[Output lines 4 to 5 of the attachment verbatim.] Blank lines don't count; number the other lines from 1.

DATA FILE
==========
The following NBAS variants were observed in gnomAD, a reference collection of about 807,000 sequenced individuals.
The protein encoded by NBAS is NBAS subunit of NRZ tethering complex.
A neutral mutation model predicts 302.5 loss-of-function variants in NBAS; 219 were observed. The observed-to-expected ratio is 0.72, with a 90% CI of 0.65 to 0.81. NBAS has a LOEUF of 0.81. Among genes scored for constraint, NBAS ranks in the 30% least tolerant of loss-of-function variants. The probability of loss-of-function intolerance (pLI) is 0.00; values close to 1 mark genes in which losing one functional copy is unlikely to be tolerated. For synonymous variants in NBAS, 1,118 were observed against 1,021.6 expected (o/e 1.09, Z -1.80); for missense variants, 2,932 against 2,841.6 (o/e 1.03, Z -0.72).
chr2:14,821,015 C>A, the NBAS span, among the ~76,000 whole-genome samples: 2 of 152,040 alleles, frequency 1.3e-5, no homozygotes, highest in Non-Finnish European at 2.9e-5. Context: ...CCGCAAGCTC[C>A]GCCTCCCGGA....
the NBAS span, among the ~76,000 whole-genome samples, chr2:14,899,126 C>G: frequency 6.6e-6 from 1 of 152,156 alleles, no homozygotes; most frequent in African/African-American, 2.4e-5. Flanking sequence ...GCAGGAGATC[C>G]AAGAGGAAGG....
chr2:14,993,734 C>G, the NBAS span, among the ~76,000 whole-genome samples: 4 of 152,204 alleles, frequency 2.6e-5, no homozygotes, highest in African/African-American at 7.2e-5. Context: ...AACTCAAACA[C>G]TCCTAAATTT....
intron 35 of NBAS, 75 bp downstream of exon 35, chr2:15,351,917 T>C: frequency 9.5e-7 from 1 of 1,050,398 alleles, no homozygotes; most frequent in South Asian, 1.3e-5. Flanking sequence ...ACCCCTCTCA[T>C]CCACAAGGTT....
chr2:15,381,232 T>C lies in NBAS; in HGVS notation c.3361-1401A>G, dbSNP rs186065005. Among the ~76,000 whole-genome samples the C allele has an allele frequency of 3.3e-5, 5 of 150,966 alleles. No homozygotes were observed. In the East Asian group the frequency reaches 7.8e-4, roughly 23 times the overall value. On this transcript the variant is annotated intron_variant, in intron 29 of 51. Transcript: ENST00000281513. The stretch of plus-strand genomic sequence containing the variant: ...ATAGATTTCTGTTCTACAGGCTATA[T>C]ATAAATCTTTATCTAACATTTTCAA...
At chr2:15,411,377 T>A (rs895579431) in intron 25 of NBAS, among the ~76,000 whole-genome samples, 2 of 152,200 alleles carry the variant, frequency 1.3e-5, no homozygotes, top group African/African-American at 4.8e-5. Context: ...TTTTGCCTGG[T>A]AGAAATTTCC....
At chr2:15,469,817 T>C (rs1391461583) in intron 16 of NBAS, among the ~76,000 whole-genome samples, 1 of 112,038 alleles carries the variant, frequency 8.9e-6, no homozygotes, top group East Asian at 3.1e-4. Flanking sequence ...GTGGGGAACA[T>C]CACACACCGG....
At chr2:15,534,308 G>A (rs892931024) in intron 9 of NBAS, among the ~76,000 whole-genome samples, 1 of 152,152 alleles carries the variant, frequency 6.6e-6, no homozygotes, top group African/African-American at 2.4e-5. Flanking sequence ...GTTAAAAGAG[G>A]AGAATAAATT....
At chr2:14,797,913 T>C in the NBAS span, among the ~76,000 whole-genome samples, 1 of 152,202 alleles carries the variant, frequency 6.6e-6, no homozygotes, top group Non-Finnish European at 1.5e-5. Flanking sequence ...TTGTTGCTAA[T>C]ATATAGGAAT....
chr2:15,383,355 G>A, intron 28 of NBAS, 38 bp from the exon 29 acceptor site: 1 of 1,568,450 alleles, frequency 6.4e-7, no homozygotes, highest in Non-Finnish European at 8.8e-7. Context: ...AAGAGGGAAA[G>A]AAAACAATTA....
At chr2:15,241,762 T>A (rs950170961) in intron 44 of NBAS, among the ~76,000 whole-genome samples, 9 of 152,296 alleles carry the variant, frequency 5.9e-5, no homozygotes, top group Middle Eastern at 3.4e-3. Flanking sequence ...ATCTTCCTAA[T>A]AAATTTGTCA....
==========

chr2:14,821,015 C>A, the NBAS span, among the ~76,000 whole-genome samples: 2 of 152,040 alleles, frequency 1.3e-5, no homozygotes, highest in Non-Finnish European at 2.9e-5. Context: ...CCGCAAGCTC[C>A]GCCTCCCGGA....
the NBAS span, among the ~76,000 whole-genome samples, chr2:14,899,126 C>G: frequency 6.6e-6 from 1 of 152,156 alleles, no homozygotes; most frequent in African/African-American, 2.4e-5. Flanking sequence ...GCAGGAGATC[C>G]AAGAGGAAGG....